As India progresses it has to find out whether the neo-rich getting into the portals of power are becoming insensitive. Are not they misguiding governance through trade bodies, bureaucratic functioning and making every bit of service beyond the reach of the people?

 

The Constitution guarantees barrier free travel. Why should atrociously high toll or fee hinder it? The roads are built on public land. It needs to be explained how a private body can be given its zamindari. A villager or a farmer travelling across the tolls are levied an unnecessary cost. The Vision needs to find out how it is making living expensive and increasing prices — that too after multiple tolls, cess and road taxes. Education cess is not making education affordable.

 

The NIP has yet to look into why a new parliament building or central vista is needed instead of pride in continuity in a heritage building. Or why road allocations are made for the same set of roads – in the name of refurbishing, redesigning or and adding lanes.

 

The people want a white paper on IL&FS collapse after doling out Rs 91000 crore to the toll roads and not getting repayment despite toll collections. It is essential for preventing a new proposed Central funding body meeting the same fate.


More power 619 GW is to be produced. Why? The country is unable to utilize 356 GW present production and power tariffs are bleeding every sector.

 

For the sake of private, Air India was annihilated, MTNL-BSNL is sent to sick bed, hosts of other sold to competitors, bank coffers are opened up. It has led to enormous losses to public financial institutions – UTI (losing Rs 64,000 crore shut), LIC, GIC and almost all banks. These have lost about Rs 50 lakh crore since 1992 Harshad Mehta scam. Still the private sector is dependent on the government. Is it not slowing down the economy?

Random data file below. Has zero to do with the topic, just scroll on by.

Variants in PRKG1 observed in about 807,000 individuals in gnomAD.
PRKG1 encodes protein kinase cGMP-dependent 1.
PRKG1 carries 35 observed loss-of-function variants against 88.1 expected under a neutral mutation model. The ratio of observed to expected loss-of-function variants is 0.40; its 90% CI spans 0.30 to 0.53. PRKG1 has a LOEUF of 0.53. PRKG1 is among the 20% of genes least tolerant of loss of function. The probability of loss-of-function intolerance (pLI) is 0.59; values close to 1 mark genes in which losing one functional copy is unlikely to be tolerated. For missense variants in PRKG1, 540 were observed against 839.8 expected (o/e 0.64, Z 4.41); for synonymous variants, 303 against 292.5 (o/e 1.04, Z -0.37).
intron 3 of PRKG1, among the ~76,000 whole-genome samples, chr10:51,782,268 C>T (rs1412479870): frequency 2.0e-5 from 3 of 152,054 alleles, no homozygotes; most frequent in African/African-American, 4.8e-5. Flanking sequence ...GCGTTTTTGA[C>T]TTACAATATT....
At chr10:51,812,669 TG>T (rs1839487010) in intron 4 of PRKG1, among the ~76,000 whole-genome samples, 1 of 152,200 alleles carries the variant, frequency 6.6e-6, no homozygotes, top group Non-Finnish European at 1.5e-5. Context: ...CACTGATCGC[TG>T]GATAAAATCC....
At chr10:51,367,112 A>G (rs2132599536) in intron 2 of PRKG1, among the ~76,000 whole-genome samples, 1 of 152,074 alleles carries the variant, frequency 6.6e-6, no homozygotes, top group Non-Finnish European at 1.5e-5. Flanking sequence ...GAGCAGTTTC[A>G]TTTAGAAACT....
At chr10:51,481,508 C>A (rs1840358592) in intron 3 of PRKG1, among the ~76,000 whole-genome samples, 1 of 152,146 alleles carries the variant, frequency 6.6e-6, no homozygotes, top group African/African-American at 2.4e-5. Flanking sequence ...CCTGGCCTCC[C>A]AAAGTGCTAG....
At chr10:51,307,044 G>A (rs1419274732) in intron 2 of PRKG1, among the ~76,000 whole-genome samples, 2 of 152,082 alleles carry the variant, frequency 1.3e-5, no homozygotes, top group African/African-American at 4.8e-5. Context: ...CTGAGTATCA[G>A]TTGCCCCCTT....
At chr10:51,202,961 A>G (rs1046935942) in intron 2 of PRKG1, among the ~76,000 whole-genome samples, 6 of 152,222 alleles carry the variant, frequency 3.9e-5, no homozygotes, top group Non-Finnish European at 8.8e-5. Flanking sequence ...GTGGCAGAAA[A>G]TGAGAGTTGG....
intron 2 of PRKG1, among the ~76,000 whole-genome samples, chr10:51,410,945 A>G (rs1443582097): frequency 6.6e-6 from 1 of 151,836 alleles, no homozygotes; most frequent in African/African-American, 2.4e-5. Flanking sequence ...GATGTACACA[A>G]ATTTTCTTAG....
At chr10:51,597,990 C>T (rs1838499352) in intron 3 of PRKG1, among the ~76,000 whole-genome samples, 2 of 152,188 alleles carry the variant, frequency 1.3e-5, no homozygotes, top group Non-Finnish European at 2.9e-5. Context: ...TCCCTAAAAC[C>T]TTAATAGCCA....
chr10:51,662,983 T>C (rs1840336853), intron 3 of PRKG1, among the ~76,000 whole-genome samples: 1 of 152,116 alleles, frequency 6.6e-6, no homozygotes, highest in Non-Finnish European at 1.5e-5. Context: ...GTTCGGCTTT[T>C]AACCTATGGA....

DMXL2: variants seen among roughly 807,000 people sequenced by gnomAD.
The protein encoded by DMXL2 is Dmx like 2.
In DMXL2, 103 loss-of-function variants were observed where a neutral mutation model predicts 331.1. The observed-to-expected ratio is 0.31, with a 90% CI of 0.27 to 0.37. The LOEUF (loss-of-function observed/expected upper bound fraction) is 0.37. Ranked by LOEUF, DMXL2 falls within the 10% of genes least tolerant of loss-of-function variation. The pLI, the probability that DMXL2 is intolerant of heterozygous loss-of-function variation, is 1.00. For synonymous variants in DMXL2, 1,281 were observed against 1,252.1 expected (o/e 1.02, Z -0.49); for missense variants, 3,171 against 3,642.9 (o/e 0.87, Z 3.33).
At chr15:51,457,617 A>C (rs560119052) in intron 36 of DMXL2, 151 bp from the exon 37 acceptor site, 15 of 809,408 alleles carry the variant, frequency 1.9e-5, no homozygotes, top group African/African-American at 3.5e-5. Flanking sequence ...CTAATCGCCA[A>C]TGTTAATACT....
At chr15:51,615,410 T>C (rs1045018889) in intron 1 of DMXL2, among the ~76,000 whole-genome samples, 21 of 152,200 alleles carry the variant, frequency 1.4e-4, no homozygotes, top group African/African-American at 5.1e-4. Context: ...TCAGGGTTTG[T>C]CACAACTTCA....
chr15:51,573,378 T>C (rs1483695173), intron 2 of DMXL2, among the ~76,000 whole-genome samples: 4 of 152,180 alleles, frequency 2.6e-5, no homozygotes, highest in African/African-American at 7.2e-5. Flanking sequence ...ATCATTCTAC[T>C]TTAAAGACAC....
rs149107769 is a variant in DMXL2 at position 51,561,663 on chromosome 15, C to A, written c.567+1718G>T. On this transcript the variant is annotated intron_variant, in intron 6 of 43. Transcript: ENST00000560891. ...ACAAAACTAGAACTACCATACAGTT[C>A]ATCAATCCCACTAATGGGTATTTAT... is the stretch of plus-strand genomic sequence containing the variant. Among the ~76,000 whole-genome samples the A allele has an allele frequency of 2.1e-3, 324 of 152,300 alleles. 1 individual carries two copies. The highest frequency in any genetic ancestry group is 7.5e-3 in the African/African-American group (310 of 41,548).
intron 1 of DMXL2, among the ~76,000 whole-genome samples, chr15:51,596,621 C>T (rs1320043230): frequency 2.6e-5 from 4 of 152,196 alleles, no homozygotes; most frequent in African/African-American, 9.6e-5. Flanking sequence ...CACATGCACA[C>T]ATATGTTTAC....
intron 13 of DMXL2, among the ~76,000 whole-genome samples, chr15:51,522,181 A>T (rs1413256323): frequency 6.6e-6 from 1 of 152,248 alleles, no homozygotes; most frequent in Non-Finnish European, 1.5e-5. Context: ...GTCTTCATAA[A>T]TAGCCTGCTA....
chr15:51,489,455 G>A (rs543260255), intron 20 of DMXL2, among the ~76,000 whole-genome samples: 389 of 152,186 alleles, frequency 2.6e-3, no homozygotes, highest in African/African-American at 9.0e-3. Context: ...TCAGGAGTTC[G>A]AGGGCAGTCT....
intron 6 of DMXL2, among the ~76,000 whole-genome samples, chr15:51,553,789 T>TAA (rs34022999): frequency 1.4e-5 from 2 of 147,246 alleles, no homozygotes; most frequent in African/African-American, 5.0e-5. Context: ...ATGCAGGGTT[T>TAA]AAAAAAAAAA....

More so, wages are not keeping pace with the rising prices. The price indices have been modified in 2011 so as to reflect reduced impact of the rises. Even the modified index reflects 19.5 per cent inflation, may be actually 30 per cent as per the old matrix. India is becoming expensive for its residents whose income is low and being eroded by high 42 per cent income-tax (I-T) and plethora of indirect taxes estimated at 40 per cent, including profession tax in many States, despite GST.

 

Yes, an Indian pays over 70 per cent in taxes. Innovative bureaucrats despite that go on increasing the prices of fuel, rail fares, bus fares, freight and consequently jacking up prices of commodities. It is affecting nutrition, as people are unable to take proper meals, consumption and GDP growth.

 

The bankisation of the society has created new middle men in payment portals. It has made dealings expensive. The note-ban alone turned at least 15 per cent more black money. The people of West, Australia and Japan are protesting to come out of the clutches of banks. Why should not India go back to no-cost cash transaction?

 

The list is long. Wider review of the past’s follies and road map for the future has to be drawn. For the new vision, the country has to review its past mistakes so that the future generation does not have to go through the same trials and tribulations as this one has encountered.—INFA